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By Maureen Collins Posted on: | September 24, 2018

Shamber Flore spent her early childhood in the roughest parts of town. She was exposed to gangs, prostitution, and drugs all before kindergarten.

Stephanie Curry and her twin sister Jacqueline were born prematurely in a Los Angeles hospital, each weighing less than two pounds. Their birth mother—who disappeared shortly after giving birth—struggled with drug use and left the two small babies addicted to cocaine.

But neither Shamber’s nor Stephanie’s stories were over. Both girls were adopted into loving homes through faith-based adoption providers and are now adults advocating for children in circumstances similar to their childhoods.

Not every child is so lucky.

There are over 400,000 children in need of families in the United States. Many of them will age out of the foster care system once they turn 18 and will never know what it is like to have a stable and supportive family.

You would think that lawmakers across the country would rush to use every resource at their disposal to ensure that every one of these children finds a home. But unfortunately, many lawmakers are putting a political agenda ahead of the needs of the most vulnerable in our society.

Instead of partnering with the maximum number of adoption and foster care providers, many state and local governments are forcing faith-based providers out of business. The reason? Because these providers operate according to their faith and the belief that the best possible situation for a child is in a loving, stable household with a mom and a dad.

It does not seem to matter that some of these faith-based providers are the top adoption providers in that city or state. Nor does it seem to matter that, in all of these cases, there are plenty of other providers who work regularly with same-sex couples. All that matters is that these faith-based providers will not bend the knee to the progressive agenda on same-sex marriage. And because of that, some lawmakers cut ties with these providers, in some cases losing the hundreds of loving homes that these services would have provided.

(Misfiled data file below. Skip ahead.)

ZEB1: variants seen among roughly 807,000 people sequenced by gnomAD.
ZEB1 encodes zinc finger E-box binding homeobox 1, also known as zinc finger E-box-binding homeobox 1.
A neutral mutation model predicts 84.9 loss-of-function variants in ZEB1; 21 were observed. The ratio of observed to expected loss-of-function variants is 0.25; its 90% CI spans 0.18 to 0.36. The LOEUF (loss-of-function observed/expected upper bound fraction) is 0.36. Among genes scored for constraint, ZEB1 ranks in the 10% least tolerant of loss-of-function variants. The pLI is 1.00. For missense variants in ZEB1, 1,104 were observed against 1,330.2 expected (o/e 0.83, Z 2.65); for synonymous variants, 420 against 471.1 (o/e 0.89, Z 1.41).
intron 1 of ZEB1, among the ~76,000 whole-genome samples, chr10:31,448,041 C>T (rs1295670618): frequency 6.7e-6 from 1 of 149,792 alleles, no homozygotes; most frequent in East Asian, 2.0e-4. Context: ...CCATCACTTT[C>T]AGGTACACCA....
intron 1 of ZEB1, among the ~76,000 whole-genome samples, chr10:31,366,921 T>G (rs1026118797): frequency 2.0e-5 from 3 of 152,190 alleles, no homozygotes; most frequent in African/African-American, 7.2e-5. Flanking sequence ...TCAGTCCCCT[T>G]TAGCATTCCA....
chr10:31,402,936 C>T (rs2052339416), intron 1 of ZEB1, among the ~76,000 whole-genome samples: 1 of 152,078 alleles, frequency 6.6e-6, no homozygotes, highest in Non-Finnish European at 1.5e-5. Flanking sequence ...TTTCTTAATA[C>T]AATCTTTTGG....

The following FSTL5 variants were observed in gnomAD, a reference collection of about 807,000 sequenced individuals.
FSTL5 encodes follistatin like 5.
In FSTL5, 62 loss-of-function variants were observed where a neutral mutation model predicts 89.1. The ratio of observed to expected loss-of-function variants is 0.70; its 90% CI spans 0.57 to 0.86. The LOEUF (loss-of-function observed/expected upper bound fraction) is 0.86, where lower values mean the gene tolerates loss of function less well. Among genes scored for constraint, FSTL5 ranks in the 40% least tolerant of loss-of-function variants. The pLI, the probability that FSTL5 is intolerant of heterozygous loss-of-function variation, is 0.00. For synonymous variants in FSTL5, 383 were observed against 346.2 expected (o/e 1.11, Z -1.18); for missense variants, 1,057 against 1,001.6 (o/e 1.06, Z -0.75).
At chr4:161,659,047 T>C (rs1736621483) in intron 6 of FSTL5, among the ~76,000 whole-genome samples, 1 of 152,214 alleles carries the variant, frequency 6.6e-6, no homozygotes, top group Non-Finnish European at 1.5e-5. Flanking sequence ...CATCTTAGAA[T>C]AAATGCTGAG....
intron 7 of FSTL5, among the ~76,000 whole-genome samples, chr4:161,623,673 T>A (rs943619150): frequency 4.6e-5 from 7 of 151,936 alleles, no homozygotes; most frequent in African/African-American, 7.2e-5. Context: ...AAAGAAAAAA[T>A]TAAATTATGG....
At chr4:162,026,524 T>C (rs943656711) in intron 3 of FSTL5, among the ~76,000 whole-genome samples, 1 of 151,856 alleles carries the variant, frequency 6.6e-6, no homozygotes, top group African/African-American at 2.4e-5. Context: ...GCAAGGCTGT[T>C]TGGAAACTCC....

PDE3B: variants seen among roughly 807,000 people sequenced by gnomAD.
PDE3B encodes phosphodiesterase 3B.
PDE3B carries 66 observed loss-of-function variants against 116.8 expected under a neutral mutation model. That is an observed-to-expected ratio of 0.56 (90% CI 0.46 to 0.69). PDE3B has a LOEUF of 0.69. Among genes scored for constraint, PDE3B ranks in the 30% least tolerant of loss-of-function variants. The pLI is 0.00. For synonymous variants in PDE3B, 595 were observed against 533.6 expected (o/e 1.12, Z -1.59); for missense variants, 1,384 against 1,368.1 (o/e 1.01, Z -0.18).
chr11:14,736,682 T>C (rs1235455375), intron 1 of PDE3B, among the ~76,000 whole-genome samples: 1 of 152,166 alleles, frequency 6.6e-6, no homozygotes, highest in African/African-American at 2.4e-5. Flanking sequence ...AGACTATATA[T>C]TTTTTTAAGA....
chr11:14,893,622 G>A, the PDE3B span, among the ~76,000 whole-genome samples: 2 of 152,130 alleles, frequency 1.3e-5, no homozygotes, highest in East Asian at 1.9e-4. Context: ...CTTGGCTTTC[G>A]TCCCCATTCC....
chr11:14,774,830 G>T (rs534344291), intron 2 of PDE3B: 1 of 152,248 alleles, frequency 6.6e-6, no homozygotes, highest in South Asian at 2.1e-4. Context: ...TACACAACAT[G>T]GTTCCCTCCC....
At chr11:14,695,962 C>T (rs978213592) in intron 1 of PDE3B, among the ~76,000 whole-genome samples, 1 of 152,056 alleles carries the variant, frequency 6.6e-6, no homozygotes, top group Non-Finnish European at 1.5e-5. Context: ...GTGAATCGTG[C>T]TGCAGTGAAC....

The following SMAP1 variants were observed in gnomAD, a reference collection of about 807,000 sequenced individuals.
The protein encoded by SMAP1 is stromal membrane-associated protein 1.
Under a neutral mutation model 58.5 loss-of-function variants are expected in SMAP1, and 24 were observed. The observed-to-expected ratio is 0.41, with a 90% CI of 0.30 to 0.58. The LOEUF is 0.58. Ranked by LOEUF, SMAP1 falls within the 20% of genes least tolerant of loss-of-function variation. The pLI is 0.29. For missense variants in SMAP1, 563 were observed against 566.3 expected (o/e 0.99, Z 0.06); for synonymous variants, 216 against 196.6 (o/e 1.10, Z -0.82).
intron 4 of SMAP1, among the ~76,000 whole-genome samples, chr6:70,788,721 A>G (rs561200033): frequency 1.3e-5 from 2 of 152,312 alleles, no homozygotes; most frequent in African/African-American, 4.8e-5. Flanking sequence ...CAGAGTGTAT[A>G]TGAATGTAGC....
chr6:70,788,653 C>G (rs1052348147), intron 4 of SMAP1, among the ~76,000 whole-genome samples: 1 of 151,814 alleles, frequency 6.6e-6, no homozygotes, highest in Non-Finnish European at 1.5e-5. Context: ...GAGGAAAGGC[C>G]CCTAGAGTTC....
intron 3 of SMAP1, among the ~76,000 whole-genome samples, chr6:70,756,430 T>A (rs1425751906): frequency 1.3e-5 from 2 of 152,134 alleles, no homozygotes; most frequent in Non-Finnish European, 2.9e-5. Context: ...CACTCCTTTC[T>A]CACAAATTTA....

This is why Keep Kids First was formed.

Keep Kids First is a coalition of organizations dedicated to standing with faith-based adoption and foster care providers to ensure that every child has the opportunity to find a loving home. When faith-based providers are forced to shut down because of their beliefs, it is the children longing to find a family who lose.

Children like Shamber and Stephanie come from unimaginable circumstances of neglect, abuse, and abandonment. They desperately need a family to care for them. It is the children who have the most at stake in this debate. Yet, they have been treated as an afterthought by those who would rather prioritize activism over the needs of the most vulnerable. 

Keep Kids First exists for them. After all, the only reason for an adoption provider to shut its doors is because every child has found a loving home. 

Maureen Collins

Web Writer

Maureen has a passion for writing and politics, and her work has appeared on The Federalist and MRCTV.org.

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